You should try to learn more than only welding, since having different talents may open up new opportunities for you. Maybe you should try a more general area so that you can look for a higher position in a company. This can also help you get a supervisor or manager position.

Also, you could eventually become a welding engineer. These engineers are what companies are looking for when they require special wielding like high altitude welding or underwater welding (yeah, this is a thing).

Take a look at the short video about Welding Career Advice

Kinds of Welding Disciplines

As we mentioned earlier, welding is much more than just bonding two pieces of metal together. There are different disciplines in these careers, and if you are aiming to become a professional welder, you may want to master each of these disciplines.

Oxy-Acetylene Welding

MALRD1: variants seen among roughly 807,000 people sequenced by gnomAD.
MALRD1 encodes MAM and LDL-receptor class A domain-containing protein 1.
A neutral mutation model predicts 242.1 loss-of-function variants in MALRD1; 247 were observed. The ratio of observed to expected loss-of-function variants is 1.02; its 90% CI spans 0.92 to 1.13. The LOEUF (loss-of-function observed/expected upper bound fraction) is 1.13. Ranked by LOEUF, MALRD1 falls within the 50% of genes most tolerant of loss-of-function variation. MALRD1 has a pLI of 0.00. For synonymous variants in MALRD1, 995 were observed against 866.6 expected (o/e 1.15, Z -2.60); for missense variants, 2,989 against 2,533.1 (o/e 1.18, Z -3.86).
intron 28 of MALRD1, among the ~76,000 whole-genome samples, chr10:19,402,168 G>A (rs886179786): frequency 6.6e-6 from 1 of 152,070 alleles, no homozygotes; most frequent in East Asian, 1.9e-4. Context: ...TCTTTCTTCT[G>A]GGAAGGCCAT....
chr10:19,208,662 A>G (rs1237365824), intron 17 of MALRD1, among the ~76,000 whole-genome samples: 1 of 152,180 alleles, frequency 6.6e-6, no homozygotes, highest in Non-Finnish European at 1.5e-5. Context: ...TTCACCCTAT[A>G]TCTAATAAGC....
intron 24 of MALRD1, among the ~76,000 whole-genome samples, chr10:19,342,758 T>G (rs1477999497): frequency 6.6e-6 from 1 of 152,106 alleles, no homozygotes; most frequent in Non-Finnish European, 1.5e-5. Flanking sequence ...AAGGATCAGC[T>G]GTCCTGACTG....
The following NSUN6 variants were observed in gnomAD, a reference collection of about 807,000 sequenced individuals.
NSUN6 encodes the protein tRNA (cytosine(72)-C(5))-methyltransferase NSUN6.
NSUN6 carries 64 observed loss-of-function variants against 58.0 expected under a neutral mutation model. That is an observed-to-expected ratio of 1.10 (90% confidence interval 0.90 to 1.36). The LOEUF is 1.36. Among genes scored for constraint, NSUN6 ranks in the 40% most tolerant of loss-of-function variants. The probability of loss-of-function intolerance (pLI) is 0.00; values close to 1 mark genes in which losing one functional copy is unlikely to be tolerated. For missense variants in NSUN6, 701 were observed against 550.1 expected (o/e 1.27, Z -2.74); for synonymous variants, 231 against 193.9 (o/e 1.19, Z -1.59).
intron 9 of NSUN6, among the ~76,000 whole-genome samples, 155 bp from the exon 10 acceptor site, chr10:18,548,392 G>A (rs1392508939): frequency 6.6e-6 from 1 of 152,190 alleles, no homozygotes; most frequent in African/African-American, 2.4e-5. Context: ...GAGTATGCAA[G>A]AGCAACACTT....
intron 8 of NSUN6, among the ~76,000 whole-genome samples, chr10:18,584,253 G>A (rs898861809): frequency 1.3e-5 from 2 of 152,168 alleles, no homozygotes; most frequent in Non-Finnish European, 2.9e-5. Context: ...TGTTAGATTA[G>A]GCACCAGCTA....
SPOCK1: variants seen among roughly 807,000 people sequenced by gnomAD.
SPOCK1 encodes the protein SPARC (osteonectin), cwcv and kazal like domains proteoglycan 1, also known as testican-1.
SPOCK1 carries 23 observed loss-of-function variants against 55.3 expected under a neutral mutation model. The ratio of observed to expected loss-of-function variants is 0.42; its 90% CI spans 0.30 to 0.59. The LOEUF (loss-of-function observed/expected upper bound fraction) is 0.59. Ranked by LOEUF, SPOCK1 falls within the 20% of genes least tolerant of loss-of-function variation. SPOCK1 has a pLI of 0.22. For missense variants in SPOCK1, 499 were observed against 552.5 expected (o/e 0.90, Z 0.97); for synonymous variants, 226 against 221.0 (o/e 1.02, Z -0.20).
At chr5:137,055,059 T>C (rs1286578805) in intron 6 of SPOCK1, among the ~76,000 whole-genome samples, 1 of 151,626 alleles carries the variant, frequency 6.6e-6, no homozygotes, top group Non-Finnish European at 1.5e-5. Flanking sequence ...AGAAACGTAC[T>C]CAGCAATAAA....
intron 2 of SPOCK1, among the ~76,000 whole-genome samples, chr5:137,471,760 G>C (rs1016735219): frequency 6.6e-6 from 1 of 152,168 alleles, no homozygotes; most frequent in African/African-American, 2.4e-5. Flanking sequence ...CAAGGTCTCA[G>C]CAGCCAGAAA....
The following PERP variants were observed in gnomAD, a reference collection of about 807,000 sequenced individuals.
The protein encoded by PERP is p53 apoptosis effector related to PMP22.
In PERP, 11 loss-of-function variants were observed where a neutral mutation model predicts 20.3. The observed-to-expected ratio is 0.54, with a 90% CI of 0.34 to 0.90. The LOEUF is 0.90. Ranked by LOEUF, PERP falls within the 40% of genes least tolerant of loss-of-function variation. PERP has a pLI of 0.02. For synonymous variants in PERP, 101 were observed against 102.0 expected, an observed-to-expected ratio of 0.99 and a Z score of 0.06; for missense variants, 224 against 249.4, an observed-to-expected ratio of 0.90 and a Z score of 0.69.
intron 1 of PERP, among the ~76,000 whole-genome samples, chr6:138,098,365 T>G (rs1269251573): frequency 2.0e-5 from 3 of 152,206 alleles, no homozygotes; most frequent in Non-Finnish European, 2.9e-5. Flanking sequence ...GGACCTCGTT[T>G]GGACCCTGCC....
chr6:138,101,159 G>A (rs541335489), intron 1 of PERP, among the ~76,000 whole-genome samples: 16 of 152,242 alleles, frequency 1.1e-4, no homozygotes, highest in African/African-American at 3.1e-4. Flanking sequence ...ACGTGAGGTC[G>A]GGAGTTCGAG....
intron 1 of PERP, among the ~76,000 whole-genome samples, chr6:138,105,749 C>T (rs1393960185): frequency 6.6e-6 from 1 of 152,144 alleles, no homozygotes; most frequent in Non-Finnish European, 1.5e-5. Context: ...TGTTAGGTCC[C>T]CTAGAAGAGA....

This may be the kind of welding you are used to hearing of. As the name states, the torch mixes oxygen and a part of acetylene gas, which becomes a powerful instrument to cut through metal with ease.

Arc Welding

This is the welding that you may do Sunday evening on your warm and cozy home workshop. It is used with metals that exceed the 4 millimeters in thickness. Because of this, many professionals think that there may be a few uses for this on the real world.

Tungsten Inert Gas Welding

Also known as TIG welding, it is the most common welding discipline since it is not only easy to learn, it can be useful in many different scenarios. Although it is easy to learn, it is difficult to master it since it can be used to work on different metals on separate occasions.

Bottom Line

After all, it all comes down to how high you aim. Working as a professional welder can be a great career, so keep learning new disciplines and how to use new tools, and in no time, you could be known worldwide as one of the top welders there can be.

Did we miss any detail about the career you would like to know? Let us know in the comments!